Sinn Féin would be open to a coalition with Fianna Fáil in government if today's programme for government vote is defeated.
Sinn Féin have publicly stated in the last week that they are preparing to relaunch talks for a left-led government in the event Fianna Fáil, Fine Gael and The Green Party fail to have their draft document for government ratified.
The party's housing spokesperson Eoin Ó Broin said he would be open to talks with Micheal Martin's party if they agreed to a progressive programme for government.
"My view is it's all about the programme," he said on Friday afternoon.
"So in the first instance, we would try to engage with the kind of progressive parties to see can we take the programme for government, and turn it into a genuinely pro-change role for government.
And of course I'd be willing to stand with Fianna Fáil and say we'd be willing to support that kind of agenda.
"If you are willing to support a programme that proposes for 100,000 public homes, the end of the land development agency, for a three-year freeze on rent increases, and a whole range of other measures, and any parties willing to sign up to that - I could be in coalition with.
"The key is the programme, whether it's on health, on housing and childcare, climate or a United Ireland, unless there is real change in that programme, we won't be signing up to government.
"I think you could do it, but it would have to be completely different to what's on the table at the minute."
On whether the potential government between Fianna Fáil, Fine Gael and the Greens will last the distance of five years in government, should it be formed, Mr Ó Broin said he couldn't be sure.
"It's hard to say," he said.
I think once we successfully exit out of Covid-19 and that hasn't happened yet, I do think the public's concern is going to shift.
"I think once those issues of (housing and healthcare) bubble back up to the top of the political agenda, then if a government isn't dealing with those in an adequate way, that government is going to be short-lived, and if you consider the number of spats that we've heard between the three over the last number of weeks, if they're already at each other's throats before the government is formed.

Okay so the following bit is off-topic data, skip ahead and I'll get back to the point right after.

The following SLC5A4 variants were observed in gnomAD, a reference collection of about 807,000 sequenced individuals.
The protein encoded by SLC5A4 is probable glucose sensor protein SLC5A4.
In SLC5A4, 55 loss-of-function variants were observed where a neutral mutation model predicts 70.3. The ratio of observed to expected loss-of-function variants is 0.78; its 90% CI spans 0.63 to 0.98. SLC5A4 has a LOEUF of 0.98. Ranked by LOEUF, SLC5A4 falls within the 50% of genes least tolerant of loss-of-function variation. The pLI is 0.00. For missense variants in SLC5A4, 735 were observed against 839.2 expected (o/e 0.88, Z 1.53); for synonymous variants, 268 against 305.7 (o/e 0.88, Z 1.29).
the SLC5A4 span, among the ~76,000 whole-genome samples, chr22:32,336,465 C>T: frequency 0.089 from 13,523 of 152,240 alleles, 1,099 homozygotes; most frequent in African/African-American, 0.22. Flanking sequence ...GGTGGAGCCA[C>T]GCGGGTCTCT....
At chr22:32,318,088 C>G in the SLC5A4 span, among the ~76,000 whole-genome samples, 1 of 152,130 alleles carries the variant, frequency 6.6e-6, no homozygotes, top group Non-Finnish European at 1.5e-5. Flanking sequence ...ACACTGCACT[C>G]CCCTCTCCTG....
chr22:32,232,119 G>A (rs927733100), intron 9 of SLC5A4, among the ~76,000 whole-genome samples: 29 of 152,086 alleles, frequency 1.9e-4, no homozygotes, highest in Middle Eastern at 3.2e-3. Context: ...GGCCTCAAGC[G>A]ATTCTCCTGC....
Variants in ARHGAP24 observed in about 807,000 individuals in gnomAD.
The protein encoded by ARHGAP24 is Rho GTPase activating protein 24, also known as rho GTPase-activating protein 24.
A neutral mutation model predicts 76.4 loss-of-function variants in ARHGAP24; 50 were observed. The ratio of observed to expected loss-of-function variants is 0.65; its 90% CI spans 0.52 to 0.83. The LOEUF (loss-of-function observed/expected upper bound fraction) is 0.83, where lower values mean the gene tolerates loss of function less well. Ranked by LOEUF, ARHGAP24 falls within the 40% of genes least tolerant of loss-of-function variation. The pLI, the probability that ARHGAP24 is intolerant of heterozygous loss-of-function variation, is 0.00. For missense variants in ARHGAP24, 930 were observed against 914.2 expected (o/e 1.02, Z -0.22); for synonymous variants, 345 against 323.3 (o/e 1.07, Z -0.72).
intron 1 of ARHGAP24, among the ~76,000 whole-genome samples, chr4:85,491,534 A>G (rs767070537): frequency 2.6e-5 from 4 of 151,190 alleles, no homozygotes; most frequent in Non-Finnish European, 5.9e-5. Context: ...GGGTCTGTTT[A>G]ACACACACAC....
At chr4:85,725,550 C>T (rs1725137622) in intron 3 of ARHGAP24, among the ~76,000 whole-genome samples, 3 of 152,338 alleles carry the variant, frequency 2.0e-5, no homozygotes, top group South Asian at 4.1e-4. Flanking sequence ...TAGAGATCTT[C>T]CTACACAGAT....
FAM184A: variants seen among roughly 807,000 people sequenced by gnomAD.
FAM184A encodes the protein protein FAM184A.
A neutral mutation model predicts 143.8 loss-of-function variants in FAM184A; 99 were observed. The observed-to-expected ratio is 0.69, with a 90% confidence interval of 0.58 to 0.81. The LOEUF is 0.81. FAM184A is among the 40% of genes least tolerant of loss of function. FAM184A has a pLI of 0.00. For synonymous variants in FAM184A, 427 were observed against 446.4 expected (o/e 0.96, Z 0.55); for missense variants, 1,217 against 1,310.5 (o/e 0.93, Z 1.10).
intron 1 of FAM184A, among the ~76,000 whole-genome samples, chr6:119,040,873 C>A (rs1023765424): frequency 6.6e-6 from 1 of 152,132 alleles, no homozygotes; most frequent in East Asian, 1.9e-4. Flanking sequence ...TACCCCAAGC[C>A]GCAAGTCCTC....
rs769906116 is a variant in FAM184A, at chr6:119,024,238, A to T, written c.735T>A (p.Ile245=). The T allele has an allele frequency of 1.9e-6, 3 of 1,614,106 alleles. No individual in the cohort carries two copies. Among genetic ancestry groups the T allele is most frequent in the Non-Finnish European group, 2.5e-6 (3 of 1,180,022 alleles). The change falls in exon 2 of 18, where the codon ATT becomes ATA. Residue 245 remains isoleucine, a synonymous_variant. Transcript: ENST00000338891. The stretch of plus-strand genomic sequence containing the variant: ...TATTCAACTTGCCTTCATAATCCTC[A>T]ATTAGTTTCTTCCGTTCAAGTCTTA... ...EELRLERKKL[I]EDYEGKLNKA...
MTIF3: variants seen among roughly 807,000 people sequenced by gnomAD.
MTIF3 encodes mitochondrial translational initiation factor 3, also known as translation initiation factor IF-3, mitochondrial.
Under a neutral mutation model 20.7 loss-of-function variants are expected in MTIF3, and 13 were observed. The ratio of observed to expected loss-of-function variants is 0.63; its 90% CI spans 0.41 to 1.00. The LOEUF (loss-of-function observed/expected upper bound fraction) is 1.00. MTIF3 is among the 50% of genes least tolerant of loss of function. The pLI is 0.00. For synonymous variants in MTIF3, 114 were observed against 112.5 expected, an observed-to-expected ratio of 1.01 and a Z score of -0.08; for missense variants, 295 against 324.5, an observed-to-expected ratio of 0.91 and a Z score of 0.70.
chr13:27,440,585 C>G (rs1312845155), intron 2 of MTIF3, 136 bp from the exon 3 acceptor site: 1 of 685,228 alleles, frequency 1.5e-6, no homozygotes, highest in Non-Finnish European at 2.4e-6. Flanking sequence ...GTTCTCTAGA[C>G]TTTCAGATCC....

"What's going to happen afterwards?
"If there's instability in the government it's because they will over promised under-delivered, and people who desperately need affordable homes, access to quality health care or affordable childcare."
There has been mounting speculation that Sinn Féin will table the Occupied Territories Bill in the first six months of the new government, in order to force TDs in Fianna Fáil and the Green Party who support the bill to vote against it in keeping with the government's policy.
"I'm not so sure the people of Palestine can wait six months," Mr Ó Broin said.
"Look, if and when this government is formed.
"We look at what we do with our private member's time, we will continue to pursue all of the issues we pursued before and really important international issues such as Palestine, so you know nobody's going to be surprised by the types of things we raise in the coming weeks and months, but the primary reason we raised them is that these are the right things to do.
"The Irish people want the State of Palestine to be recognised, that's a well-established fact from opinion polls and just needs to happen.
So when we do it, it'll be because it needs to happen not because we're trying to embarrass anybody.